BRIAN HOWARD


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Nancy Mitford is upset. She does not like the fact that no-one has written a biography of Brian Howard yet. She does not count the hotch-potch that Marie-Jacqueline Lancaster put together for publication in 1968. Nancy had read that when she was alive. She has read it again this week and - while doing so - simply longed for a strong voice to give shape to Brian's extraordinary life. Brian Howard: Portrait of a Failure. What kind of title was that, anyway?

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Cover: Brian Howard by John Panting in Bright Young People era

Nancy would have to write a biographical essay herself, here at Castle Howard. And she would start it off with the perspective of two of Brian's fellow pupils at Eton who had gone on to have extraordinary lives themselves. First, Harold Acton who had been, with Brian, co-leader of the art set there:

'His big brown eyes with their long curved lashes were brazen with self-assurance; already his personality seemed chiselled and polished, and his vocabulary was as ornate as his diction. Like myself he was half-American…Brian could be very old and very young at the same time and his mischievousness was far more than the ebullience of youth… Scarcely anyone was spared the shafts of his ridicule.'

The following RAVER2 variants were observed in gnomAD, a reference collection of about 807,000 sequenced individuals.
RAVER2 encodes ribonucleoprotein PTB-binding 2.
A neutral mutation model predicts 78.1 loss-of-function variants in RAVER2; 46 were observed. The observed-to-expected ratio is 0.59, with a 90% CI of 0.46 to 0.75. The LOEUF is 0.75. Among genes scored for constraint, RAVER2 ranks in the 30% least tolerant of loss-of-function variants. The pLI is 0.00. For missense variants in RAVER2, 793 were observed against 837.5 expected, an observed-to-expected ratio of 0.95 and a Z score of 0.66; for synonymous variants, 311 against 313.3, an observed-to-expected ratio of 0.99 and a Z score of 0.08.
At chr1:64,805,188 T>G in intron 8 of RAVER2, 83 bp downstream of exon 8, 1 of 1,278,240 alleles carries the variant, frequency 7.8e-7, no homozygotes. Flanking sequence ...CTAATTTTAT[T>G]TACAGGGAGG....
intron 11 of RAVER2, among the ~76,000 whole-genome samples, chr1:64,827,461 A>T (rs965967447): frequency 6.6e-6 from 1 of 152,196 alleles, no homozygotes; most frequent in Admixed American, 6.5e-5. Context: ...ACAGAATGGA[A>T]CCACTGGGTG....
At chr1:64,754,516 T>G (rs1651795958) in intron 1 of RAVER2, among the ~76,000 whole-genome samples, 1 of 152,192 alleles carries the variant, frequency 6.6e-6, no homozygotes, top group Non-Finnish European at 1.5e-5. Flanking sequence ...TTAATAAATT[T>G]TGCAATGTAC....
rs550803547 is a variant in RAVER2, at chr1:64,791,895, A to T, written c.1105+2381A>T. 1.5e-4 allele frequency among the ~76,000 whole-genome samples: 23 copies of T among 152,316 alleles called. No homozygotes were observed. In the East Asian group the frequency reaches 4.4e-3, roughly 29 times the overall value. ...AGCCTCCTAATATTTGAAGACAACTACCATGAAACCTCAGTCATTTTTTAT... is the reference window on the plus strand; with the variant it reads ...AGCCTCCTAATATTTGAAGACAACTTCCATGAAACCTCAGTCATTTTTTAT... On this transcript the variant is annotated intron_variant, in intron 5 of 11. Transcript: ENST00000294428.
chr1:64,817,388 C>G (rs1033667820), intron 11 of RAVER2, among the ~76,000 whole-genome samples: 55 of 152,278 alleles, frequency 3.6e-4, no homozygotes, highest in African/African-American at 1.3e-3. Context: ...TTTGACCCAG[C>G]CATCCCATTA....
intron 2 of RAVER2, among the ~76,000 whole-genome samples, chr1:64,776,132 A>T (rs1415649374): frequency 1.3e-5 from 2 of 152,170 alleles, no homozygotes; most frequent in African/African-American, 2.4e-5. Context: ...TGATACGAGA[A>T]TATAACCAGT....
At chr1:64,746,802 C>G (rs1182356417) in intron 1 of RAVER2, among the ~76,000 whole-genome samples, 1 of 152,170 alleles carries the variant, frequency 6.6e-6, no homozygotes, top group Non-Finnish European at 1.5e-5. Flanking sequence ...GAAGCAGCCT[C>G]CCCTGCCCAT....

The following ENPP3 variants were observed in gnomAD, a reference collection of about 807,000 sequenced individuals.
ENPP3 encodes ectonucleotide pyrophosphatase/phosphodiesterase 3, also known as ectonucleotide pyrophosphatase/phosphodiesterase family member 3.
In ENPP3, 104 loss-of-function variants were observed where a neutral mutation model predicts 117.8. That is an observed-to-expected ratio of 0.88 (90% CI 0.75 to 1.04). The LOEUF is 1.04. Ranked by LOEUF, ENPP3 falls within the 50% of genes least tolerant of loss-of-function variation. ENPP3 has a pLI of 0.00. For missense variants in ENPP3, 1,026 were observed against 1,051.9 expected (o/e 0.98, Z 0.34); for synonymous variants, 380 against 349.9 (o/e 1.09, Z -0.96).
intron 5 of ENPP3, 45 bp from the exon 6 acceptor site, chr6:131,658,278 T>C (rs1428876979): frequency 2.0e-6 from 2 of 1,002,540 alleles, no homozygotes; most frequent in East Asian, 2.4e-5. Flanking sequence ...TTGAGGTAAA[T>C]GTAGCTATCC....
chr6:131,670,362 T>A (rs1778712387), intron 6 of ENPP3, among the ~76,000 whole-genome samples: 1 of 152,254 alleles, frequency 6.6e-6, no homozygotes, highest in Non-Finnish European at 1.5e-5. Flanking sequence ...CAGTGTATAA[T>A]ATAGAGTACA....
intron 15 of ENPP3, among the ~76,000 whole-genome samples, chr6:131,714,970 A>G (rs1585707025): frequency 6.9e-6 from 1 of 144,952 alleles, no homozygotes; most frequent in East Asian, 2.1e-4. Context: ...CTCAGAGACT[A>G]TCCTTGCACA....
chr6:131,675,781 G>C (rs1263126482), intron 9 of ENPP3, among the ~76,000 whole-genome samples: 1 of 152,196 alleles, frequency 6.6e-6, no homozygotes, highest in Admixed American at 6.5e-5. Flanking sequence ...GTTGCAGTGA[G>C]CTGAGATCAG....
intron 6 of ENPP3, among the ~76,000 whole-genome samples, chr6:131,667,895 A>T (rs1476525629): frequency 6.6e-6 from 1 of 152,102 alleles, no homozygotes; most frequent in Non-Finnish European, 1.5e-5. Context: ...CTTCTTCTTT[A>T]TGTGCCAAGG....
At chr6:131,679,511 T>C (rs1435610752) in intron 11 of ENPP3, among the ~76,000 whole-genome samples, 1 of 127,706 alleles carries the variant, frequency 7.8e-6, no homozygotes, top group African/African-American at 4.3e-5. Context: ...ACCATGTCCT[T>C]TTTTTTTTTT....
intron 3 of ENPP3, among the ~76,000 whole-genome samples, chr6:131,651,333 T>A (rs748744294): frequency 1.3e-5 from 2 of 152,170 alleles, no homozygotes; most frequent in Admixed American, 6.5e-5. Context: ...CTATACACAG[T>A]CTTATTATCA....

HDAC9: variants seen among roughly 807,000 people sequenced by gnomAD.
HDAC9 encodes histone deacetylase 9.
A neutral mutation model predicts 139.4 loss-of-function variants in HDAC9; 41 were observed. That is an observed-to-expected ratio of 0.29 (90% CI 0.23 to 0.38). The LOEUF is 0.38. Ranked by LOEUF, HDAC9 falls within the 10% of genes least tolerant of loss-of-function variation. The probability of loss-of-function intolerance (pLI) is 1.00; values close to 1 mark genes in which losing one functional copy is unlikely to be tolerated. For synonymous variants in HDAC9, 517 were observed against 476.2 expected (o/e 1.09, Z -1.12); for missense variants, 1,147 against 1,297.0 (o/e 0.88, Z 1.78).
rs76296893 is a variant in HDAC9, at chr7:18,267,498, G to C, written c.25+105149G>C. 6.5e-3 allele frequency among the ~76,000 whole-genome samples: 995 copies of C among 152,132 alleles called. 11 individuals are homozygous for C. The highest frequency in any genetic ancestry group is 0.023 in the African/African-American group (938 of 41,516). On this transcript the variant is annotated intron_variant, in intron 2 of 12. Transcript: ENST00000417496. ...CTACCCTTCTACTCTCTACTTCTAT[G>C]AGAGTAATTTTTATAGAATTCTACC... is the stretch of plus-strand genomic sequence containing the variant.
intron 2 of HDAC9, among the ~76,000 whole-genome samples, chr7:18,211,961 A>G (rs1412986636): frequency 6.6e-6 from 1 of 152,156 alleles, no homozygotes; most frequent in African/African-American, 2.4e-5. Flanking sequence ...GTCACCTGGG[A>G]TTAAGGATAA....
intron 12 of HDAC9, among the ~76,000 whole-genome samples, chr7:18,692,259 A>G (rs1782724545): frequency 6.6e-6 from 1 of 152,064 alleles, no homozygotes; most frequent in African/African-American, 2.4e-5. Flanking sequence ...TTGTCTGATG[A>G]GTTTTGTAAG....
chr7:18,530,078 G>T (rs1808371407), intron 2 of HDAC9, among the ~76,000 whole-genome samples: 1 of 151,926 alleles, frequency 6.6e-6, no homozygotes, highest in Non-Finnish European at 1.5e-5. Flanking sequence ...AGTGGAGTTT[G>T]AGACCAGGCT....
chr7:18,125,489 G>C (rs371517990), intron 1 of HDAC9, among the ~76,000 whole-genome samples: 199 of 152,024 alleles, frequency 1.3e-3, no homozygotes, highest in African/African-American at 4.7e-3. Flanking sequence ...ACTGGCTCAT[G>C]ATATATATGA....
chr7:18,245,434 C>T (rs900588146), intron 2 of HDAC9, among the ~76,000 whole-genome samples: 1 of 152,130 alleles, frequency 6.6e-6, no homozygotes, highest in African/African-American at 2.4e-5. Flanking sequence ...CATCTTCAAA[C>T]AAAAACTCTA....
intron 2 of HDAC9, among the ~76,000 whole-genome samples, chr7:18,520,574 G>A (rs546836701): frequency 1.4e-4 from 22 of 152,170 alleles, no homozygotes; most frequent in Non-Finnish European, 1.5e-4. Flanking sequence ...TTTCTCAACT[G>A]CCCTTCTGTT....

Not everyone was charmed. This is what Anthony Powell had to say:
'I never like Howard, nor found his performances in poetry or painting of interest. He seemed to me the essence of that self-propagation for its own sake which has nothing whatever to do with creative ability….His self-confidence and sophistication were astonishing for a boy of that age.'

Tony also includes a physical description that echoes Harold's, but needs stating as its so well put:

'Tall, a dead white face, jet black wavy hair, full pouting lips, huge eyes that seemed by nature to have been heavily made-up, Howard had the air of a pierrot out of costume.'

Brian struggled to get into Oxford, and by the time he was at Christ Church with Harold Acton, the latter was leader of the aesthete set that included Robert Byron and Evelyn Waugh, those two heroes of mine. Here is a drawing of Brian made by Mark Ogilvie-Grant who illustrated
Christmas Pudding for me and accompanied Robert to Mount Athos about which Robert wrote his first, brilliant book. Really, the Oxford Set consists of those I've just mentioned: Harold Acton, Brian Howard, Evelyn Waugh, Anthony Powell, Robert Byron and Mark Ogilvie-Grant. Though poor Mark is largely forgotten. Oh, and I have forgotten Henry Yorke who wrote so splendidly as Henry Green!